Santa Barbara Corpus of Spoken American English Part I


Item Name: Santa Barbara Corpus of Spoken American English Part I
Authors: John W. Du Bois, Wallace L. Chafe, Charles Meyer, and Sandra A. Thompson
LDC Catalog No.: LDC2000S85
ISBN: 1-58563-164-7
Release Date: Jan 01, 2000
Data Type: speech
Data Source(s): microphone speech
Language(s): English
Language ID(s): eng
Distribution: 1 DVD
Member fee: $0 for 2000 members
Non-member Fee: US $150.00
Reduced-License Fee: US $150.00
Extra-Copy Fee: US $150.00
Non-member License: yes
Online documentation: yes
Licensing Instructions: Subscription & Standard Members, and Non-Members
Citation: John W. Du Bois, et al.
2000
Santa Barbara Corpus of Spoken American English Part I
Linguistic Data Consortium, Philadelphia

Introduction

The Santa Barbara Corpus of Spoken American English is based on hundreds of recordings of natural speech from all over the United States, representing a wide variety of people of different regional origins, ages, occupations, and ethnic and social backgrounds. It reflects many ways that people use language in their lives: conversation, gossip, arguments, on-the-job talk, card games, city council meetings, sales pitches, classroom lectures, political speeches, bedtime stories, sermons, weddings, and more.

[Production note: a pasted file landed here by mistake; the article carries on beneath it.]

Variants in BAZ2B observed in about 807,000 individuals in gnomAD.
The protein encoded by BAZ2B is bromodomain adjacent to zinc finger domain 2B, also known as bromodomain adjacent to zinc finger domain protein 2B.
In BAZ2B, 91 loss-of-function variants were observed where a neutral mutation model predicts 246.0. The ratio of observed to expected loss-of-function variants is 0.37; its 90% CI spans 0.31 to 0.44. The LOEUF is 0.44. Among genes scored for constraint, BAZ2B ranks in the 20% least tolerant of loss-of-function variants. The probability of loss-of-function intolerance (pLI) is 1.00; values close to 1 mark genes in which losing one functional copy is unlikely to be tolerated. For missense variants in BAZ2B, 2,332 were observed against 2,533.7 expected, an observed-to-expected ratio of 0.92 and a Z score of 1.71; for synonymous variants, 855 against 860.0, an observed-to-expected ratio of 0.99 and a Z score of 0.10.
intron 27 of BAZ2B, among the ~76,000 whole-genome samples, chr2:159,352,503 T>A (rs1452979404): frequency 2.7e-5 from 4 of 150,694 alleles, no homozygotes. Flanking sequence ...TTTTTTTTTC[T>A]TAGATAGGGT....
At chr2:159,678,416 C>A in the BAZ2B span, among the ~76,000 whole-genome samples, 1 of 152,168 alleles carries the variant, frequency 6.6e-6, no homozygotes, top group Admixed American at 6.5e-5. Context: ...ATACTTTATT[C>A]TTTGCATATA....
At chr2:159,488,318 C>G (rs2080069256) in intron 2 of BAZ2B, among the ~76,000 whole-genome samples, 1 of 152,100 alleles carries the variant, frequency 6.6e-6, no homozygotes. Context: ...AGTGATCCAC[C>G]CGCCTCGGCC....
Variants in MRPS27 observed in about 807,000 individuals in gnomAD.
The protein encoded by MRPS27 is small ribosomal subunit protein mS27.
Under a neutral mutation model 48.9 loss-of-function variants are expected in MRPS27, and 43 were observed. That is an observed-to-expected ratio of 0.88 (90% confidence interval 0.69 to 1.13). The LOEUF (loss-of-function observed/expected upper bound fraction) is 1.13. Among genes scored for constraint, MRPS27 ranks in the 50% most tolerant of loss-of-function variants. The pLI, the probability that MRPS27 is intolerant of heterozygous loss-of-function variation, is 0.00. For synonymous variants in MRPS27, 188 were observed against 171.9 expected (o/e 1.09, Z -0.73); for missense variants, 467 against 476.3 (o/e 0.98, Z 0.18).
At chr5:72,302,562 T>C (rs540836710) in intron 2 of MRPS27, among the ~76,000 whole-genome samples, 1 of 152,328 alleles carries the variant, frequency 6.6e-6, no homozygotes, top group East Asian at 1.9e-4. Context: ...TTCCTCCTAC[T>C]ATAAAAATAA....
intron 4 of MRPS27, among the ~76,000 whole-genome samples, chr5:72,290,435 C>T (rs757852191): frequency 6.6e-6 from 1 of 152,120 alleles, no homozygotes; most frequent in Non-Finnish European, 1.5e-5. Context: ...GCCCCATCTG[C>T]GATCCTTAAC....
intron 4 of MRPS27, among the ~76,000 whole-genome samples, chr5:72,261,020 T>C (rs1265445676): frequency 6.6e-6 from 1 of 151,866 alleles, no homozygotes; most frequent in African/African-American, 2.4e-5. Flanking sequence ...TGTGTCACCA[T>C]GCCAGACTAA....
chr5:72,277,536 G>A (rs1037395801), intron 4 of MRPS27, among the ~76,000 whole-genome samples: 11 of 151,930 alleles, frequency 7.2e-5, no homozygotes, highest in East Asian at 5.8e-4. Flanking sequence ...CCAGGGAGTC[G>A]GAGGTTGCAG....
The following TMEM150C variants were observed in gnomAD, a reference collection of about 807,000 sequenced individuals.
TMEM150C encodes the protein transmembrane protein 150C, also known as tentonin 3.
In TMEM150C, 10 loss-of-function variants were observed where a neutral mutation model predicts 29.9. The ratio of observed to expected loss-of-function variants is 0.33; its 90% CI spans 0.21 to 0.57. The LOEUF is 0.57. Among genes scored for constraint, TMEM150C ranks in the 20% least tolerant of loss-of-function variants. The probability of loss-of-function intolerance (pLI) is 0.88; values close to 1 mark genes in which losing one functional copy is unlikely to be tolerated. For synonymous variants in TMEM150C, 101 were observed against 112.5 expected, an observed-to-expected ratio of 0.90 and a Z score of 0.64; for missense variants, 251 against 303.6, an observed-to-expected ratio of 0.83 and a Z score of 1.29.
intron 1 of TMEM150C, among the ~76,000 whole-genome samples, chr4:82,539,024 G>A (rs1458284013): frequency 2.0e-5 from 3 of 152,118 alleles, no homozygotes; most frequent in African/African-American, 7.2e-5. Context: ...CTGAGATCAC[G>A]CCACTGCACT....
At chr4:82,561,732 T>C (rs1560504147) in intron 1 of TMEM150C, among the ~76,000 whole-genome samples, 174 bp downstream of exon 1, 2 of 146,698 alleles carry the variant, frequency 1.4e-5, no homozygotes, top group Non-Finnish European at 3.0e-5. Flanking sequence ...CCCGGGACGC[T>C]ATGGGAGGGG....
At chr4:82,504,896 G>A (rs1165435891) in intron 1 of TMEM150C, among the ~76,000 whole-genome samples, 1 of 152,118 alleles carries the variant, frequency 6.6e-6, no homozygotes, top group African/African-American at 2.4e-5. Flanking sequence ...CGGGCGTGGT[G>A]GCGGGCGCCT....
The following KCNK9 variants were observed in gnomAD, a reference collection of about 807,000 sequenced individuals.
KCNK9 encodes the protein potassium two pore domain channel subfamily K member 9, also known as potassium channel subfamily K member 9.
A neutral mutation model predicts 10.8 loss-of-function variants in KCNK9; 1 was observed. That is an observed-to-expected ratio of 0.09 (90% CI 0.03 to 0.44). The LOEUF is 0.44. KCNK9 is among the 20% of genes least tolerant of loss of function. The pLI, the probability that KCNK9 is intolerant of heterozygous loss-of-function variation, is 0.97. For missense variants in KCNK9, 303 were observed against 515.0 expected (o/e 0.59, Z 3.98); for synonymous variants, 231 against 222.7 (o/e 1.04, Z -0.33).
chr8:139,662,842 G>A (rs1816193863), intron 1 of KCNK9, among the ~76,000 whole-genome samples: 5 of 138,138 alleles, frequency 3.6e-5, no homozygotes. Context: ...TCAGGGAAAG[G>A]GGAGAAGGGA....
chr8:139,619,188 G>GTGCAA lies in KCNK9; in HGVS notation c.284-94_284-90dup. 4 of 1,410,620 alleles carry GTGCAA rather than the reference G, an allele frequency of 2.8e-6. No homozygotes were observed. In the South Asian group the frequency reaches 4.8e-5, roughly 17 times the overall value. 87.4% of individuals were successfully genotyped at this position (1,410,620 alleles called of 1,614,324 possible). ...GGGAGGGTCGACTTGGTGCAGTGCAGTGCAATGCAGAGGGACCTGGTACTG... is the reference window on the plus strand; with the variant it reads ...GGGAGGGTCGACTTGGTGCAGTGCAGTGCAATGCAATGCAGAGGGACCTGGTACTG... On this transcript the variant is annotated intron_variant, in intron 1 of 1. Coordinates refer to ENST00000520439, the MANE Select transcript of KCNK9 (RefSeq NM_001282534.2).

Data

The three CD-ROM volumes in Part I contain 14 speech files of between 15-30 minutes each, from the Santa Barbara Corpus of Spoken American English. Collected by: University of California, Santa Barbara Center for the Study of Discourse, Director John W. Du Bois (UCSB), Associate Editors: Wallace L. Chafe (UCSB), Charlese Meyer (UMass, Boston), and Sandra A. Thompson (UCSB). The Santa Barbara Corpus of Spoken American English is part of the International Corpus of English (Charles W. Meyer, Director), representing the American Component.

Each speech file is accompanied by a transcript in which phrases are time stamped with respect to the audio recording. Personal names, place names, phone numbers, etc., in the transcripts have been altered to preserve the anonymity of the speakers and their acquaintances and the audio files have been filtered to make these portions of the recordings unrecognizable.

For the latest information on this corpus, please refer to the following sites devoted to it:

http:// http://www.linguistics.ucsb.edu/research/sbcorpus.html http://www.ldc.upenn.edu/Projects/SBCSAE

Samples

For an example of the data in this corpus, please examine these samples of the recordings and transcripts:

Updates

There are no updates at this time.